Some people said it was the biggest startup to come out of Stanford since Google. After securing some seed funding from professors, and then raising $25 million in a party round, Clinkle was destined for greatness among startups. Clinkle was designed to become the payment service all of us could use to manage credit cards, banks, and cash from our smartphones. And yet, I’m guessing the majority of this blog’s readers have never heard of them. Why could that be? The rise comes before… Launched in 2011, Clinkle got a lot of hype. Big names like Richard Branson and Peter Thiel, and organizations like Intuit and Intel were among the investors. They were clearly excited about something. But Clinkle has[…]

Recently, an article came to my attention about social networks being gamed in order to hurt the reputations of competitors and enemies. With all the talk these days of search engine optimization, social media experts, and the “internet of things” we are looking to connect our information to as many people, and in as many ways, as possible. Have you considered the ways this might hurt you instead? We are beginning to get a handle, as a society, on the minimum viable security that every organization needs in order to stay in business and not be destroyed by the constant noise of attacks facing us on the Internet. But what happens when instead of facing a distributed denial of service[…]

Today’s reading brought me to another article by Brian Krebs about his continuing research into the breach at Target. The lengthy article points to some newly uncovered clues, and provides some conjecture as to how the breach may have been exercised. A part of it definitely caught my eye, because it is closely related to some of the work we get called on to do on a regular basis. That “Best1_user” account name seems an odd one for the attackers to have picked at random, but there is a better explanation: That username is the same one that gets installed with an IT management software suite called Performance Assurance for Microsoft Servers. This product, according to its maker — Houston, Texas base[…]

I went to a casino recently with some friends, and watched play at the roulette table for a while. It was really interesting, to see the mindsets of the different people playing. Some were consistent with their play, playing corner bets, where you place your bet on a corner between four numbers. Some others were betting small amounts on individual numbers which held importance to them. Others bet the “safer” bets of red/black, even/odd, or high/low. What interested me were the people who were wildly inconsistent with their bets. They’d increase their bets after losing a few times in a row, because they must be “due”. The bettors reasoned with themselves that since their number hasn’t come up yet, it[…]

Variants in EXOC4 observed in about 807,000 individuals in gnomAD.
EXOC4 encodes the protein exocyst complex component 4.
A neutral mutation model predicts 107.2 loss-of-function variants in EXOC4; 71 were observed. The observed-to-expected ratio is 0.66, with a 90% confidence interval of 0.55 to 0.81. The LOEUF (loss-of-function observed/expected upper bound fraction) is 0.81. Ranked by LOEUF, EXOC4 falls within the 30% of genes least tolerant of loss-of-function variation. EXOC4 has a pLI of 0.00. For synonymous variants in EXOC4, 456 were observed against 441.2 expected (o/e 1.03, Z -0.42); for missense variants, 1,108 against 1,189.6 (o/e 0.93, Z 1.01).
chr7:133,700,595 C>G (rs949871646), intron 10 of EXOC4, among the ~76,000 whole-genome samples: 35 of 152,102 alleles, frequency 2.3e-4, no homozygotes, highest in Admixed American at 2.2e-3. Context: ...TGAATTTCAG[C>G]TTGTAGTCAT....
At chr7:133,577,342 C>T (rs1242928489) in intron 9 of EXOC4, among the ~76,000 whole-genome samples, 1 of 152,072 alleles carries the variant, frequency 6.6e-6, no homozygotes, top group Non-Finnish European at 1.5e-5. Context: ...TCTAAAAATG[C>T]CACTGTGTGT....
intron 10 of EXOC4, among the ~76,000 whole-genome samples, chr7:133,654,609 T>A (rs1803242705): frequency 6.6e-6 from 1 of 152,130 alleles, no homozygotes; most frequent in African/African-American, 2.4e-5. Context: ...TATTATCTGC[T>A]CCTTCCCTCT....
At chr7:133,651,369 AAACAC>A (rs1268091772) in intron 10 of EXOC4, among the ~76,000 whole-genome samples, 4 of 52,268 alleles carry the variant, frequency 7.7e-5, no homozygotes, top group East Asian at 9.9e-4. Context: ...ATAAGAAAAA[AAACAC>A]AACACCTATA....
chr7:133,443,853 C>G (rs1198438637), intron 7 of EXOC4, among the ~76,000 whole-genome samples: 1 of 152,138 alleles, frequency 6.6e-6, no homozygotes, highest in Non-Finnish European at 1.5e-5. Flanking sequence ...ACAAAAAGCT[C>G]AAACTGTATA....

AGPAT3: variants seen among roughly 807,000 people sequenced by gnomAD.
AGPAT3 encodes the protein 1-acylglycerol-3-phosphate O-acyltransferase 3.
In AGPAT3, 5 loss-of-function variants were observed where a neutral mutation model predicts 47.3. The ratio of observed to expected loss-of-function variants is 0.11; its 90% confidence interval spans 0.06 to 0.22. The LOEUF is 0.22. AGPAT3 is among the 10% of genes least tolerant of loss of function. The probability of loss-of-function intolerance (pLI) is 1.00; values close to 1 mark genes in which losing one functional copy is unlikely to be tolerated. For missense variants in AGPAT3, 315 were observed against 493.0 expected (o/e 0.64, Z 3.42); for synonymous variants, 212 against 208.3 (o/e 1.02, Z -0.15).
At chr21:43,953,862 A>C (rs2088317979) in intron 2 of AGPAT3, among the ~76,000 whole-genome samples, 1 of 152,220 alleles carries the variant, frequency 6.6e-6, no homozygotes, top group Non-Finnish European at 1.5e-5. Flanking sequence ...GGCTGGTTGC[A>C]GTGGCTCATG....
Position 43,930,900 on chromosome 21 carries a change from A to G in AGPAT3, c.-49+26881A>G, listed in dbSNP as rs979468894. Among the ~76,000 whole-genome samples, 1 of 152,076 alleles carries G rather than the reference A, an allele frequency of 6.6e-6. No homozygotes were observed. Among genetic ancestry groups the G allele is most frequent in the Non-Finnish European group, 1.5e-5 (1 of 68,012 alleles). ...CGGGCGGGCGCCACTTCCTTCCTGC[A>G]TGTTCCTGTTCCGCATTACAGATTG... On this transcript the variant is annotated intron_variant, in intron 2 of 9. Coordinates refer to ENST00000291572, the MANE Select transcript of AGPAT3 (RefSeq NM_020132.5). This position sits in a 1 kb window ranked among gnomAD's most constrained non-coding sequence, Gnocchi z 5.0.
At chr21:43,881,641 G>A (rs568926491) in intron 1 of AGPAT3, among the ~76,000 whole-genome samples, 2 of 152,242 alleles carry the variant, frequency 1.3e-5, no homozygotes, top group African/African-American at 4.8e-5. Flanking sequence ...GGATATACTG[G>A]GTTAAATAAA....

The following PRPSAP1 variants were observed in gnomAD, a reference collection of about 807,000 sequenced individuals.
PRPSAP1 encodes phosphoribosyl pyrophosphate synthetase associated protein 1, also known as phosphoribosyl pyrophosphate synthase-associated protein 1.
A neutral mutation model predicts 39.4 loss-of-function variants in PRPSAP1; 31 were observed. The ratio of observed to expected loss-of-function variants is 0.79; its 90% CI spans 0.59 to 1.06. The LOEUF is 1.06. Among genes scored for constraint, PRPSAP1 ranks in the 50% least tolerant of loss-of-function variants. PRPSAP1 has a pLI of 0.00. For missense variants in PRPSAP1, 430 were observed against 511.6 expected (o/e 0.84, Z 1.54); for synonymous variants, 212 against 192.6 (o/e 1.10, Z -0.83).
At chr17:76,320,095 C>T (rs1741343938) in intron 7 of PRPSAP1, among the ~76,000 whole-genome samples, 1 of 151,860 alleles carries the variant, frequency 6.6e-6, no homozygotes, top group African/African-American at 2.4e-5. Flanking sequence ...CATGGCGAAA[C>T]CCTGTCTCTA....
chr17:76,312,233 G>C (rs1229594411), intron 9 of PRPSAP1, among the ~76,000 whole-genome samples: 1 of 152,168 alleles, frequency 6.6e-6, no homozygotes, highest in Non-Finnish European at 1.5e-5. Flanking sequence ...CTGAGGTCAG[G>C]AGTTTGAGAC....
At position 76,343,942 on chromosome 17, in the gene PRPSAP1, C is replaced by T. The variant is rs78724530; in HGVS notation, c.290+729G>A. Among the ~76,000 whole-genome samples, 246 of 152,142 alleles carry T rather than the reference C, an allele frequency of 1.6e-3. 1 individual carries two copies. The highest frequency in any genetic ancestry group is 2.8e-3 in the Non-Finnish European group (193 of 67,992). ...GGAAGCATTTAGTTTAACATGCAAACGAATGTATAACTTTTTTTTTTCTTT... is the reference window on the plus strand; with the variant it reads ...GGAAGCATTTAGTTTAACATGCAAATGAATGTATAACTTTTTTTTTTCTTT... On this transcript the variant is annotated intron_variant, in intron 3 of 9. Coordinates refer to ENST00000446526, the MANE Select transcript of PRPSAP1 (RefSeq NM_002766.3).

The Dreaded Call Daniel Seward awoke to his cell phone vibrating on his nightstand. Groggily he rolled over and looked at the phone. It was just after 5am and he didn’t recognize the 800 number, but angrily answered it ready to give the telemarketer a piece of his mind. “Do you realize what time it is?” “Mr. Seward, this is Ross Spears with the fraud prevention unit of Haneysville National Bank. We have detected activity within your account that we suspect may be fraudulent. Did you attempt a wire transfer of $73,500 to an account at 6:15am on Tuesday?” Immediately, Daniel sat up in bed, his heart racing. “No, I did not. Who was the wire made to?” “We cannot[…]

One of the things that caught my eye in PWC’s most recent The Global State of Information Security® Survey 2014 report was the bits and pieces of information shared about the importance of evaluating the security of third parties. As data proliferates and is shared among more partners, suppliers, contractors, and customers, it is increasingly critical that businesses understand the risks associated with sharing data with third parties. What’s more, organizations should ensure that third parties meet or beat their requirements for data security. This is a refrain I have been using for years, even having presented about it at the 2009 Drug Information Association Annual Meeting in San Diego, as well as the 2010 Pharma Outsourcing Congress in Munich. Unfortunately, the[…]